25- 28 September
This could be the first of it's kind in London: a documentary mini-season, but one devoted exclusively to music documentaries.
Hosted by the Hackney Picturehouse, the festival will kick off with the London premiere of A Band Called Death, the story of the world’s first black punk band, Death, a group formed by three brothers from Detroit in 1974. A Skype Q&A will follow the screening with band members, Bobby and Dannis Hackney. 11 other docs will follow this premiere, with plenty of director and talent Q&A's alongside the films plus live DJ sets.
You can read the full press release below:
The inaugural Doc’n Roll Festival kicks off on Thursday 25 September at Hackney Picturehouse. Over four days there will be twelve films, several Q&A sessions, live gigs and DJ sets in both the cinema and across the road at new venue Stage 3 which will act as the festival’s hub. As London's first and only festival dedicated exclusively to music documentaries, the line-up will include films and live acts spanning various musical genres and eras. Highlights include an exclusive Julien Temple retrospective on 27 September with an extended talk from the director plus a sneak peek at clips from his upcoming Wilko Johnson doc, live sets from Ming City Rockers and The ‘45s, as well as DJ sets from Primal Scream’s Simone Marie Butler and photographer and filmmaker Dean Chalkley.
Doc’n Roll opens with the London premiere of A Band Called Death; the extraordinary and little known story of the world’s first black punk band, Death, formed by three brothers from Detroit in 1974. A Skype Q&A will follow the screening with band members, Bobby and Dannis Hackney.
On Friday 26th British filmmaker Karen Whitehead will screen the UK premiere of Her Aim Is True which tells the story of rock ‘n’ roll outsider, the wonderful photographer Jini Dellaccio, who recently passed away, aged 97. Dellaccio first found herself taking pictures of rock and pop stars in the 1960s and is now described as the photographer who visualised punk before it had a name and embodied indie before it was cool. Whitehead, who interviewed Dellaccio for her film, will be at the screening for a Q&A session.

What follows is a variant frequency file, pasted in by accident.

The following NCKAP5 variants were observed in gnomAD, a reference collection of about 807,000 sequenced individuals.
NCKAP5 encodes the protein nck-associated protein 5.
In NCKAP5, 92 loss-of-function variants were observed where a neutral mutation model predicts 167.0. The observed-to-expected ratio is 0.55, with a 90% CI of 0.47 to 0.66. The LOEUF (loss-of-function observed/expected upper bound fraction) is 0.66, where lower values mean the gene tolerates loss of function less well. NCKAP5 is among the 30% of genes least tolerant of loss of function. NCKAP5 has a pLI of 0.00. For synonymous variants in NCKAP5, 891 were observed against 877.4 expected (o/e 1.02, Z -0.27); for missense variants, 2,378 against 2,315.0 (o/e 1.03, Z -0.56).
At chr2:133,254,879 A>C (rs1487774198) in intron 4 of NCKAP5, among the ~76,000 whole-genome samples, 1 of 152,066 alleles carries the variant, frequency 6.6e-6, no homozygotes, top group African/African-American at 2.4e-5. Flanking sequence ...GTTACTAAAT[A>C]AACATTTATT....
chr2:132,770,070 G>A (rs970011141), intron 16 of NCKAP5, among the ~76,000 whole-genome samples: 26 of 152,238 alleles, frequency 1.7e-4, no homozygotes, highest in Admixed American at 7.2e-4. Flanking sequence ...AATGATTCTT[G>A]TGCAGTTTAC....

On Sunday 28th Doc’n Roll will close with Howard S. Bergman and Susan Stahman’s A Life in the Death of Joe Meek which, through contributions from a cast of musicians including Jimmy Page, Alex Kapranos, Edwyn Collins and Mike Berry, offers a fascinating insight into the life of Britain’s first independent pop record producer. The screening will be followed by a Q&A with director Howard Berger, and Mike Berry, whose first hit “A Tribute to Buddy Holly’ was produced by Meek in 1961, and chaired by author and Meek enthusiast Travis Elborough.
The Doc‘n Roll line-up also includes portraits of two great talents; Harry Dean Stanton: Partly Fiction and AKA Doc Pomus. Sophie Huber’s Harry Dean Stanton a mesmerising, impressionistic portrait of the iconic actor which explores his enigmatic outlook on his life, his unexploited talents as a musician, and includes candid scenes with household names. William Hechter’s AKA Doc Pomus tells the story of Brooklyn-born Jerome Felder (1925-1991), who was paralysed with polio as a child. As a teenager he began performing as a blues singer under the stage name Doc Pomus and by the 1950’s he had become one of the most successful songwriters of the early rock and roll era, penning, “Save the Last Dance for Me”, “Viva Las Vegas” and dozens of other hits.
Also screening are Jeff Broadway’s Our Vinyl Weighs A Ton featuring interviews and footage from some of hip-hop’s finest, discussing the fiercely independent, avant-garde record label, Stones Throw Records; punk rock pioneer Grant Hart is the subject of Gorman Bechard’s Every Everything: the music, life & times of Grant Hart, Danny Garcia’s Looking for Johnny, a new documentary on the life of the late New York Dolls and Heartbreakers guitarist Johnny Thunders; and The Punk Syndrome about the unlikely Finnish punk band - Pertti Kurikka’s Name Day and their journey to fame.